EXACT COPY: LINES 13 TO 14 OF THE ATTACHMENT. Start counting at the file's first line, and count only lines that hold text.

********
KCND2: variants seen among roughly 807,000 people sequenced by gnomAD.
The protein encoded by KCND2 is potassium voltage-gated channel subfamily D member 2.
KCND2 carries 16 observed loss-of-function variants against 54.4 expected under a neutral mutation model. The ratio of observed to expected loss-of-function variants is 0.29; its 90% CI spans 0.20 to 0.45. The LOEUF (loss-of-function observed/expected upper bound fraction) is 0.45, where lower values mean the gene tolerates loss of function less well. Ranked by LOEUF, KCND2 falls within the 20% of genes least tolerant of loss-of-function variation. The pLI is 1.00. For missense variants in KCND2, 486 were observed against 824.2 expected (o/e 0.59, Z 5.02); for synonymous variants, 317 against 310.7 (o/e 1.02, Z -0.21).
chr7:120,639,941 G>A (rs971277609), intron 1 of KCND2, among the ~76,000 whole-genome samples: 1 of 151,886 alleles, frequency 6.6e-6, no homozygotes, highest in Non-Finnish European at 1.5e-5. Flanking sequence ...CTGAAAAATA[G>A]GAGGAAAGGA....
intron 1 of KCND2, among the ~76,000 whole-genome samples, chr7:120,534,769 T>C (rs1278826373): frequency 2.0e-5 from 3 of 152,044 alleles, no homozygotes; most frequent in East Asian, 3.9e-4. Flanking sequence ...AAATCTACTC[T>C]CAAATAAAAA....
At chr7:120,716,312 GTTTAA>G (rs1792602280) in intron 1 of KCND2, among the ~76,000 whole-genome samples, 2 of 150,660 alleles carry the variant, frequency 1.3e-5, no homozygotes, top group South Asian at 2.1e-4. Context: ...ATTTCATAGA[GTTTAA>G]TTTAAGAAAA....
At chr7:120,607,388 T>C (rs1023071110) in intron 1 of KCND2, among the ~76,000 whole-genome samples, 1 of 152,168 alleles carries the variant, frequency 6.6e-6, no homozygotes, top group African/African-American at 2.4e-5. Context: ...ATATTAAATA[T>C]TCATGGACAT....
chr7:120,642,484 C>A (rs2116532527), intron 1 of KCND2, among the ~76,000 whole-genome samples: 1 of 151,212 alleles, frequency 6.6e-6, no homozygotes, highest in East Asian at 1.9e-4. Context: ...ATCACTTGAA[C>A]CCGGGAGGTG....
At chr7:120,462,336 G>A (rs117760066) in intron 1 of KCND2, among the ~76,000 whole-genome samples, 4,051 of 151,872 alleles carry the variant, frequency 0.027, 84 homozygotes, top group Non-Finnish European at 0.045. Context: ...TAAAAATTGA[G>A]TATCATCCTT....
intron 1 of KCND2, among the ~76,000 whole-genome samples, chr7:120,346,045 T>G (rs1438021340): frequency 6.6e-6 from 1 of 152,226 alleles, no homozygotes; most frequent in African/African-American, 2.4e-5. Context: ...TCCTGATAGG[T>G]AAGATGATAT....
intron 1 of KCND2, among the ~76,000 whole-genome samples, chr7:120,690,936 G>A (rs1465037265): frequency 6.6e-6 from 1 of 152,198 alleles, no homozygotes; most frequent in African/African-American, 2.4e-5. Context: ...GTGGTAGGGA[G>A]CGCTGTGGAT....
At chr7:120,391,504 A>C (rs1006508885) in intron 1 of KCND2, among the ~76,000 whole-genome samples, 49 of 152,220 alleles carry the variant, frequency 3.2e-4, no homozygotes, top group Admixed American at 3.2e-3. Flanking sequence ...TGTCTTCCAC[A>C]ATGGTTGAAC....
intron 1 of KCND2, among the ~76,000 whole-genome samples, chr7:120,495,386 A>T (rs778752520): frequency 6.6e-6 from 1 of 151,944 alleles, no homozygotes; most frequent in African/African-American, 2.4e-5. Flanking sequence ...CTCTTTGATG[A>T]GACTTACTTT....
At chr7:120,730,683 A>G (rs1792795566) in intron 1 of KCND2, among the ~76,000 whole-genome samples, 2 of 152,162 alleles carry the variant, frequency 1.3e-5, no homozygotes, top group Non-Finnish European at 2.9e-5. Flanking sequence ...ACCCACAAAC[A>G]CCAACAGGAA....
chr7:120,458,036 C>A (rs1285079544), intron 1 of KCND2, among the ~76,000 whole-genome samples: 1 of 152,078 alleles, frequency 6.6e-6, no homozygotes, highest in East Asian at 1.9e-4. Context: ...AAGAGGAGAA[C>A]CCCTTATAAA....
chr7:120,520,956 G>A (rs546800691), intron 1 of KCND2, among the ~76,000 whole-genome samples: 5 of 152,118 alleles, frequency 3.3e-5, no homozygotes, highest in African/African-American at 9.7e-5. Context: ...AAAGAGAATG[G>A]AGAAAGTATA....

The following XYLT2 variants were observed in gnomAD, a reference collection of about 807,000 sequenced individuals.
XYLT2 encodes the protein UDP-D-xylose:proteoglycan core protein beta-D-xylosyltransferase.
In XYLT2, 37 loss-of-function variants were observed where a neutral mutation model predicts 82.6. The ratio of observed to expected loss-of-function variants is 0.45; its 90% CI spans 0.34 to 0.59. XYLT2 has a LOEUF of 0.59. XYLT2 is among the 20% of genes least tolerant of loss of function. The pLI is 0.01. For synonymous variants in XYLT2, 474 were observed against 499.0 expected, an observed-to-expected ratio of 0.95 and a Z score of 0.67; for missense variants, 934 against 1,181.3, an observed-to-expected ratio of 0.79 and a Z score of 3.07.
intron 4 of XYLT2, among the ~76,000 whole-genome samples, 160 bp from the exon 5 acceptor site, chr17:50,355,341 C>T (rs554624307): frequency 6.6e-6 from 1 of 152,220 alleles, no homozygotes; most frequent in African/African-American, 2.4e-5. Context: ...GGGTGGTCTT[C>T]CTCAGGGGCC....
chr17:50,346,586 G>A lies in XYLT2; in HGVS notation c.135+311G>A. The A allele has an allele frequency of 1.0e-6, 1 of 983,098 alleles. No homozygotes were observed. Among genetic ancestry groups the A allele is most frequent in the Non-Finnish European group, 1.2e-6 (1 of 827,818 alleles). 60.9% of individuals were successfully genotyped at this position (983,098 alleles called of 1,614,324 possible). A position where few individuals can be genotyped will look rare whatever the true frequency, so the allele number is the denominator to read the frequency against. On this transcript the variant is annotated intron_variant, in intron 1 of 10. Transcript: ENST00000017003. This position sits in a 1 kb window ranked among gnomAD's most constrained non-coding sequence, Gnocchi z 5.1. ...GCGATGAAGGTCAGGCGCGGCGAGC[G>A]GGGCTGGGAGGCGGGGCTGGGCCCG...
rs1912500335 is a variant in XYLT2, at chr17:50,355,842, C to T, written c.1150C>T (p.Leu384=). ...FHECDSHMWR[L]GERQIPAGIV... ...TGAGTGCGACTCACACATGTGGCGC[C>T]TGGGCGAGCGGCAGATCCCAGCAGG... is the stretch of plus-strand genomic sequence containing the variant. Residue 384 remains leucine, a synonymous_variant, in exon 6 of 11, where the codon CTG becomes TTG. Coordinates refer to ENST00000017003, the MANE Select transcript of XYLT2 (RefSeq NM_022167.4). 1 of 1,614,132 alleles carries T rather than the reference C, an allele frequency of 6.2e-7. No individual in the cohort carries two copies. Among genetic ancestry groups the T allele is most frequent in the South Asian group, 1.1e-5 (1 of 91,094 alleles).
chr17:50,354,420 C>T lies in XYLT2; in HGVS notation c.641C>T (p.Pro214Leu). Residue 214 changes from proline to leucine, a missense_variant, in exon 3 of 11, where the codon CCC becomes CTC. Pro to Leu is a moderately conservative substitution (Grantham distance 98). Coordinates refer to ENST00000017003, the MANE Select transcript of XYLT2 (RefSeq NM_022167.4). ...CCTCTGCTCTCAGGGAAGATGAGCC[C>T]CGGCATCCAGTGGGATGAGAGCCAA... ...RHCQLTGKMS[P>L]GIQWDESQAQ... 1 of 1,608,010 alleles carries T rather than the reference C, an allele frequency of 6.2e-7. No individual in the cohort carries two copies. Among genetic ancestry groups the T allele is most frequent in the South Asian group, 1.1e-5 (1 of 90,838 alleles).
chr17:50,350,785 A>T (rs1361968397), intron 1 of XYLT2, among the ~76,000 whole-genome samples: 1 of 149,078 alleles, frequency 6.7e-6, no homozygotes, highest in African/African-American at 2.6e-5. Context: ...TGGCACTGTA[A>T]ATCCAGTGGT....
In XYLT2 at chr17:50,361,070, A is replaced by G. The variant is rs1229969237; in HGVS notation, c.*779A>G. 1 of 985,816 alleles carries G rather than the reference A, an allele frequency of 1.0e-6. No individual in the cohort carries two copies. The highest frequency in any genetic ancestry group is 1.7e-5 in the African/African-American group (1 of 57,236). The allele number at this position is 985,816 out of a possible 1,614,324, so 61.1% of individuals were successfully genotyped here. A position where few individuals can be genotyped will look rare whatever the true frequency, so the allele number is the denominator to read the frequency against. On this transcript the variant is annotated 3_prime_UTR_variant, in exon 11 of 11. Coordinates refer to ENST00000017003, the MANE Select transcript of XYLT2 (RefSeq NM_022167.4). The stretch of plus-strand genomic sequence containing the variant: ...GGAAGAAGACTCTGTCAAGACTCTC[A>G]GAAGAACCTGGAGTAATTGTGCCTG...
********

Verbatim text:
intron 1 of KCND2, among the ~76,000 whole-genome samples, chr7:120,495,386 A>T (rs778752520): frequency 6.6e-6 from 1 of 151,944 alleles, no homozygotes; most frequent in African/African-American, 2.4e-5. Flanking sequence ...CTCTTTGATG[A>T]GACTTACTTT....
At chr7:120,730,683 A>G (rs1792795566) in intron 1 of KCND2, among the ~76,000 whole-genome samples, 2 of 152,162 alleles carry the variant, frequency 1.3e-5, no homozygotes, top group Non-Finnish European at 2.9e-5. Flanking sequence ...ACCCACAAAC[A>G]CCAACAGGAA....